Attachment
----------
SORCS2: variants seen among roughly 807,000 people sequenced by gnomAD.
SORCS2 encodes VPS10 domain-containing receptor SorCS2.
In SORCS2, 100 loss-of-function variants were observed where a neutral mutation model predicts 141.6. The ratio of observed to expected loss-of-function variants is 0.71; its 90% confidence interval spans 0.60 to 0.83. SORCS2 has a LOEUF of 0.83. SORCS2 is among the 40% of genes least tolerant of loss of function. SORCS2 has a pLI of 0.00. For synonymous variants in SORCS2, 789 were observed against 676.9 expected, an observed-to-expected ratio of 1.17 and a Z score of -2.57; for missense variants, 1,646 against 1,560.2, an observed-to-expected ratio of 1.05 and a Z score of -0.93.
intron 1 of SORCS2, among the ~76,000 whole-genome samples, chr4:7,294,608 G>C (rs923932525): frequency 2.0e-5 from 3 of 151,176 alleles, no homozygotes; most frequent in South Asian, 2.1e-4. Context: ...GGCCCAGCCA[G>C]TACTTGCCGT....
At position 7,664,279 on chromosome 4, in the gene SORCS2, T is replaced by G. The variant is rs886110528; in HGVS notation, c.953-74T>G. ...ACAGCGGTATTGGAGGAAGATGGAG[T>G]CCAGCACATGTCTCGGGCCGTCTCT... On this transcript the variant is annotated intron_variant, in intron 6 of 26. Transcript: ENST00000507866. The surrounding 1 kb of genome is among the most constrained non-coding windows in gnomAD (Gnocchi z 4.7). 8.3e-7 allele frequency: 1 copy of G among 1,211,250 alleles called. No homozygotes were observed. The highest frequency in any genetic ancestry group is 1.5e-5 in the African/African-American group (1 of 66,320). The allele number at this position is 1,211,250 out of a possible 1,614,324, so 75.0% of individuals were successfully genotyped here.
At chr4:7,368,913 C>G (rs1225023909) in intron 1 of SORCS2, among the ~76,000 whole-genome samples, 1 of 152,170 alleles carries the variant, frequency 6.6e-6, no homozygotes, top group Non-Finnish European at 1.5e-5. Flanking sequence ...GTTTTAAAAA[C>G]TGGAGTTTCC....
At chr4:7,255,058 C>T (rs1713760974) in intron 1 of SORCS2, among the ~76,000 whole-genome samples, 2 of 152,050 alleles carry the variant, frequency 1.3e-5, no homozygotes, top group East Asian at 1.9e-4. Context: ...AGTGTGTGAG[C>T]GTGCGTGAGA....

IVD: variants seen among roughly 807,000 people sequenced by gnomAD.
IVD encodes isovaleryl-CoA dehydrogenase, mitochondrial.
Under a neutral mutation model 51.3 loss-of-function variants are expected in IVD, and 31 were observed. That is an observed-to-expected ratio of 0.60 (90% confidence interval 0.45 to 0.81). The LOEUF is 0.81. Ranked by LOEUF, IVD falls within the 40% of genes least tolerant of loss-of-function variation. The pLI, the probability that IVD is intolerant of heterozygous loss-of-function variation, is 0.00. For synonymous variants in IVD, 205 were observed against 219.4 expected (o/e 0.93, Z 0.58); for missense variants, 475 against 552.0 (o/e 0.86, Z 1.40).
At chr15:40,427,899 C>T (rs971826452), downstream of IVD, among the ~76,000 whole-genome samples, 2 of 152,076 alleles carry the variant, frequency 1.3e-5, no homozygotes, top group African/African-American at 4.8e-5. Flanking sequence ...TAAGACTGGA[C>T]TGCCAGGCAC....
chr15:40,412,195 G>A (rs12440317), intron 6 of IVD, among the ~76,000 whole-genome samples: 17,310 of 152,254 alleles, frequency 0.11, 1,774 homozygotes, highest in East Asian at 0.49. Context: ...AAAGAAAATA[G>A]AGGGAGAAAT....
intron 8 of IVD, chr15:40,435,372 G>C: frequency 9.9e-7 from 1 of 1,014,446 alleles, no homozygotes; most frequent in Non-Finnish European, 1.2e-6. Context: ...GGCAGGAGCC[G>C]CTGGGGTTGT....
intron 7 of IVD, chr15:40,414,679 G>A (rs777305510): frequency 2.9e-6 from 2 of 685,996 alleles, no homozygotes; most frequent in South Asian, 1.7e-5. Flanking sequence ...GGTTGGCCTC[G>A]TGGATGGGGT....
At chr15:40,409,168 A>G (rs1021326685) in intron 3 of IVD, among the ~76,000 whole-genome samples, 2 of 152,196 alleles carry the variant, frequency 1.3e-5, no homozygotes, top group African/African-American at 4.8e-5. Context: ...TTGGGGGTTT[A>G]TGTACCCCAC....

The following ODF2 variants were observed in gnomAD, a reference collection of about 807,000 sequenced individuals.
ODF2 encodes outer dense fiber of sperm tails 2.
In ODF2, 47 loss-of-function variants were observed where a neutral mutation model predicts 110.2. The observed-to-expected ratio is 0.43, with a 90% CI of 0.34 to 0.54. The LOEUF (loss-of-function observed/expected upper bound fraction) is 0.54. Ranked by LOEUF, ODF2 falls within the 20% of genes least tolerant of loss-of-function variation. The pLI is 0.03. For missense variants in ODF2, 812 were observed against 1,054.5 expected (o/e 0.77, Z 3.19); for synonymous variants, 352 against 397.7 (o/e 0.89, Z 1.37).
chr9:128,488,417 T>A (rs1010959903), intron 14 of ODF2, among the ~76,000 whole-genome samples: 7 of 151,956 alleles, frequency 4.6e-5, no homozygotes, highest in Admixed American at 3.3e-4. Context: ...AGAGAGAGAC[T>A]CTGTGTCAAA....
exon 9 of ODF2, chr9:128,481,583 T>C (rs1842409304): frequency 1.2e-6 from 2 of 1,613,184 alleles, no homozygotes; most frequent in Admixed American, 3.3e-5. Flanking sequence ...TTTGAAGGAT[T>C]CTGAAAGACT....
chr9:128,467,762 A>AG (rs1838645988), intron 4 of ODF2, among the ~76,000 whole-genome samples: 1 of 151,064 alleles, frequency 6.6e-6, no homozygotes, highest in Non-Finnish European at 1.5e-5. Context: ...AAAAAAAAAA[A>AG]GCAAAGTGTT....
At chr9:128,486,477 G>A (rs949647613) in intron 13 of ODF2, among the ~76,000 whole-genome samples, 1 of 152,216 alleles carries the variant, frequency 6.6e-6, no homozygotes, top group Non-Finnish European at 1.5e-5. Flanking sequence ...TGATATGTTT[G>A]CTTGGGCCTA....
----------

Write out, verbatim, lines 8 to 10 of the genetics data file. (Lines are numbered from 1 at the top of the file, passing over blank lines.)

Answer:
IVD: variants seen among roughly 807,000 people sequenced by gnomAD.
IVD encodes isovaleryl-CoA dehydrogenase, mitochondrial.
Under a neutral mutation model 51.3 loss-of-function variants are expected in IVD, and 31 were observed. That is an observed-to-expected ratio of 0.60 (90% confidence interval 0.45 to 0.81). The LOEUF is 0.81. Ranked by LOEUF, IVD falls within the 40% of genes least tolerant of loss-of-function variation. The pLI, the probability that IVD is intolerant of heterozygous loss-of-function variation, is 0.00. For synonymous variants in IVD, 205 were observed against 219.4 expected (o/e 0.93, Z 0.58); for missense variants, 475 against 552.0 (o/e 0.86, Z 1.40).